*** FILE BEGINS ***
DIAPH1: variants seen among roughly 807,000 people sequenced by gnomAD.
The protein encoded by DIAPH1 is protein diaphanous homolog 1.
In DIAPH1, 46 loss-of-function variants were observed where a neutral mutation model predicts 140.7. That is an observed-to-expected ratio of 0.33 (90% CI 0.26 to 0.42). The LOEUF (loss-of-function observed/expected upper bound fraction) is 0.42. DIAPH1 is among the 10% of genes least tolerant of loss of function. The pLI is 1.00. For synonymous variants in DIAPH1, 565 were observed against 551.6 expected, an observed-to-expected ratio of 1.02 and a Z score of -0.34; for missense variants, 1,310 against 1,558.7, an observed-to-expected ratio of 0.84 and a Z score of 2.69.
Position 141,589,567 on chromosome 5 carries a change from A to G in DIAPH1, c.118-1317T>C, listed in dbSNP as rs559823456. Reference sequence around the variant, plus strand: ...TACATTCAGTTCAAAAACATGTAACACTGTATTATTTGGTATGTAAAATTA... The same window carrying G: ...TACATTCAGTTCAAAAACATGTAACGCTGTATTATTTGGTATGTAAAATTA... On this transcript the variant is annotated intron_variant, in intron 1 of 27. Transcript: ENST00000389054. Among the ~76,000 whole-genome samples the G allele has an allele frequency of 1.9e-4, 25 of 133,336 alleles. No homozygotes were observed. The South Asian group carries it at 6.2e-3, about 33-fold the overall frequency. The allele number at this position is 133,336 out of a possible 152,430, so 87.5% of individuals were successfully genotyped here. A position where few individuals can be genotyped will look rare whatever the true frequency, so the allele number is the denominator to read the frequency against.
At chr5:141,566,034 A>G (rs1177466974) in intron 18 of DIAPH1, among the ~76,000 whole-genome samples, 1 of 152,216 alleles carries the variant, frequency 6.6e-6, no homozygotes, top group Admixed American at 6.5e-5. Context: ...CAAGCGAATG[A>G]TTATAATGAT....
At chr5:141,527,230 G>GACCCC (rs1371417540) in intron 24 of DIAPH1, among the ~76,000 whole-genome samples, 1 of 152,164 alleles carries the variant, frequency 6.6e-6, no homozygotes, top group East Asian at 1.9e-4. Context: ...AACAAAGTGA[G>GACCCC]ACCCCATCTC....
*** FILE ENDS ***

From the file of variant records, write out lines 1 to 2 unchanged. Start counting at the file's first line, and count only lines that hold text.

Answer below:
DIAPH1: variants seen among roughly 807,000 people sequenced by gnomAD.
The protein encoded by DIAPH1 is protein diaphanous homolog 1.